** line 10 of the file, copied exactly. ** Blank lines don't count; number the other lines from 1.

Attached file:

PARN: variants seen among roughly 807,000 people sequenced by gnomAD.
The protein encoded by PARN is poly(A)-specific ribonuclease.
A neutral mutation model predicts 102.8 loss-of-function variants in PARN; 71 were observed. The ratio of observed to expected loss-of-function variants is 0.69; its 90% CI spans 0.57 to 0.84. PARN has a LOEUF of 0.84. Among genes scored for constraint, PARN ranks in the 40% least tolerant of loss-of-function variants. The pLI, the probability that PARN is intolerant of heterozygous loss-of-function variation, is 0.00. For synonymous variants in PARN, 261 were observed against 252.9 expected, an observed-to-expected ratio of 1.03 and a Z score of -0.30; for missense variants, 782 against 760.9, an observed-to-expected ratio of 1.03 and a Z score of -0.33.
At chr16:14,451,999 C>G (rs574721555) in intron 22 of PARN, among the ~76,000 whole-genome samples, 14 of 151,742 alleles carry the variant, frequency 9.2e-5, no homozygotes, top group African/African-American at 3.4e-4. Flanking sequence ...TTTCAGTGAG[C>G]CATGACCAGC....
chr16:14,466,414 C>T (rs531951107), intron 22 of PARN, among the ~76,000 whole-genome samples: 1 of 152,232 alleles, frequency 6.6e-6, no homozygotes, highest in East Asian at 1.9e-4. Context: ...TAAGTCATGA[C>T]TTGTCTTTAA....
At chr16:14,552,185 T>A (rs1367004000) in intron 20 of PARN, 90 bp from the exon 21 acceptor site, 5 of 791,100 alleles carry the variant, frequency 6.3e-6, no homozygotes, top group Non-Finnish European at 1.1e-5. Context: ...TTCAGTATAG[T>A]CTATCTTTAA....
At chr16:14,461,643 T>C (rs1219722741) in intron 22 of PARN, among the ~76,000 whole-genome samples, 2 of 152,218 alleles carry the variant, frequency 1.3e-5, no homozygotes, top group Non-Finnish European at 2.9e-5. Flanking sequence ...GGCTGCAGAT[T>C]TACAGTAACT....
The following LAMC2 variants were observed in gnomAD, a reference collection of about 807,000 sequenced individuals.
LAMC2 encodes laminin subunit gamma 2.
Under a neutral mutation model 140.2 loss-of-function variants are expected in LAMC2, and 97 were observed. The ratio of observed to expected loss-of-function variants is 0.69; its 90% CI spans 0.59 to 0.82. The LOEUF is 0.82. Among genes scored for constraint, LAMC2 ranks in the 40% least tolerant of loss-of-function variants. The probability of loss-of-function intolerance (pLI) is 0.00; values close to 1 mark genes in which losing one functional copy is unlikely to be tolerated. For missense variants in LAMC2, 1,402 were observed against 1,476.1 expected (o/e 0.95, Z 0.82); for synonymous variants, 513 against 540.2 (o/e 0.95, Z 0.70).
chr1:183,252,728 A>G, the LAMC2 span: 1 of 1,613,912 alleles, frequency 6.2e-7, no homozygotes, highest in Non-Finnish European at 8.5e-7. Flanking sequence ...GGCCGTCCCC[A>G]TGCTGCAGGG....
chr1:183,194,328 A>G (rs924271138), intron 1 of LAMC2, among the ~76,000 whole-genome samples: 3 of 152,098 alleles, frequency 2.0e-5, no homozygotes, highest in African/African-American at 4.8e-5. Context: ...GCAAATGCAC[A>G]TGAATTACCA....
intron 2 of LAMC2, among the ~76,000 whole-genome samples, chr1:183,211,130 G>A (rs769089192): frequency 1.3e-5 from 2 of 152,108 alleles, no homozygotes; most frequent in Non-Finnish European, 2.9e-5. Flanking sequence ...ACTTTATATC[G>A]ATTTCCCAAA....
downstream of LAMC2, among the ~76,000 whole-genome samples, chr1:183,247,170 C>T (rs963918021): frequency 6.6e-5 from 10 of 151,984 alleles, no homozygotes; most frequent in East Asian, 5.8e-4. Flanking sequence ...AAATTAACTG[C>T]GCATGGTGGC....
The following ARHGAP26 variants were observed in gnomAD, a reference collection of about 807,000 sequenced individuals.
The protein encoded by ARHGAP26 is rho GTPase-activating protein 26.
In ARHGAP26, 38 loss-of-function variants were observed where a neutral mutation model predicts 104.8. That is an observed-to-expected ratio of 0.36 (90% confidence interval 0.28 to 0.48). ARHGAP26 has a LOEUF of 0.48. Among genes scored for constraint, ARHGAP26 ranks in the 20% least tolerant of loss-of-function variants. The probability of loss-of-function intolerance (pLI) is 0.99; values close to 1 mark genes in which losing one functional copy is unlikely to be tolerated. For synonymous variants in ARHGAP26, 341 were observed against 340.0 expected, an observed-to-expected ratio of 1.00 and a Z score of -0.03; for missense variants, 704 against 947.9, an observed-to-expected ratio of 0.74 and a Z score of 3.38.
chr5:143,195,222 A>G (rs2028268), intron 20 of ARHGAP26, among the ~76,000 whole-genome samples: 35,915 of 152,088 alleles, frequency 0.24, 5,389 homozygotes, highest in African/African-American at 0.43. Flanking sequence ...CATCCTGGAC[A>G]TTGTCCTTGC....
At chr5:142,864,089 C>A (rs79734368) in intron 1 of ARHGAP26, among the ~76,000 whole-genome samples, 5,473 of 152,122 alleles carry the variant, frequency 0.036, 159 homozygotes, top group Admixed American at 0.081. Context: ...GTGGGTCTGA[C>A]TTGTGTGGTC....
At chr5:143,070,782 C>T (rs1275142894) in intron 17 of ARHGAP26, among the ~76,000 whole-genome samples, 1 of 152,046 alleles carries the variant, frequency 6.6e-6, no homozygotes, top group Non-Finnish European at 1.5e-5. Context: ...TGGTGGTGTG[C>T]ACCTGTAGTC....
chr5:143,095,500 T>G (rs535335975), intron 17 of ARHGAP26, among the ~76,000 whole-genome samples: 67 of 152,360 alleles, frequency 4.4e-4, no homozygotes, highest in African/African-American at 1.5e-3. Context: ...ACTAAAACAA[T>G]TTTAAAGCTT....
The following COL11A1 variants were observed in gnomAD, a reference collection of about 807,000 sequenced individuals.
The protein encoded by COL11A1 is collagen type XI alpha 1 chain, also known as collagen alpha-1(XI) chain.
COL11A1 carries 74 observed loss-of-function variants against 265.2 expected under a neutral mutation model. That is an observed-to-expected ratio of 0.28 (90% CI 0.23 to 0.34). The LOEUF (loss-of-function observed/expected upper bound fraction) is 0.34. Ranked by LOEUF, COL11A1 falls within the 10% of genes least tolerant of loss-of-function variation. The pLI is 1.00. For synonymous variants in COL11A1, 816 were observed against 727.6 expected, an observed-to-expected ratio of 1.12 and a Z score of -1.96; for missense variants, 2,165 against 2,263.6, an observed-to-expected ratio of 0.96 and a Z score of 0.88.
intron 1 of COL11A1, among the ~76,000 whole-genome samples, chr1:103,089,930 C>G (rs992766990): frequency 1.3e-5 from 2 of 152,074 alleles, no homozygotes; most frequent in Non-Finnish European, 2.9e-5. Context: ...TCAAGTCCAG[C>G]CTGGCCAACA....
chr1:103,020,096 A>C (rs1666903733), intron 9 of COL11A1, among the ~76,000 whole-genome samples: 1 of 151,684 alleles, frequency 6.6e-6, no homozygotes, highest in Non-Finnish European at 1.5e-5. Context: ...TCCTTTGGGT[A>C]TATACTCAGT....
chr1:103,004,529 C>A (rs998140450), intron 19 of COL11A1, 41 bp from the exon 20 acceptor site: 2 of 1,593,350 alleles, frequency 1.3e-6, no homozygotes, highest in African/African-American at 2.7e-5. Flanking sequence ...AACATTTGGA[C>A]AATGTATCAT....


Under a neutral mutation model 140.2 loss-of-function variants are expected in LAMC2, and 97 were observed. The ratio of observed to expected loss-of-function variants is 0.69; its 90% CI spans 0.59 to 0.82. The LOEUF is 0.82. Among genes scored for constraint, LAMC2 ranks in the 40% least tolerant of loss-of-function variants. The probability of loss-of-function intolerance (pLI) is 0.00; values close to 1 mark genes in which losing one functional copy is unlikely to be tolerated. For missense variants in LAMC2, 1,402 were observed against 1,476.1 expected (o/e 0.95, Z 0.82); for synonymous variants, 513 against 540.2 (o/e 0.95, Z 0.70).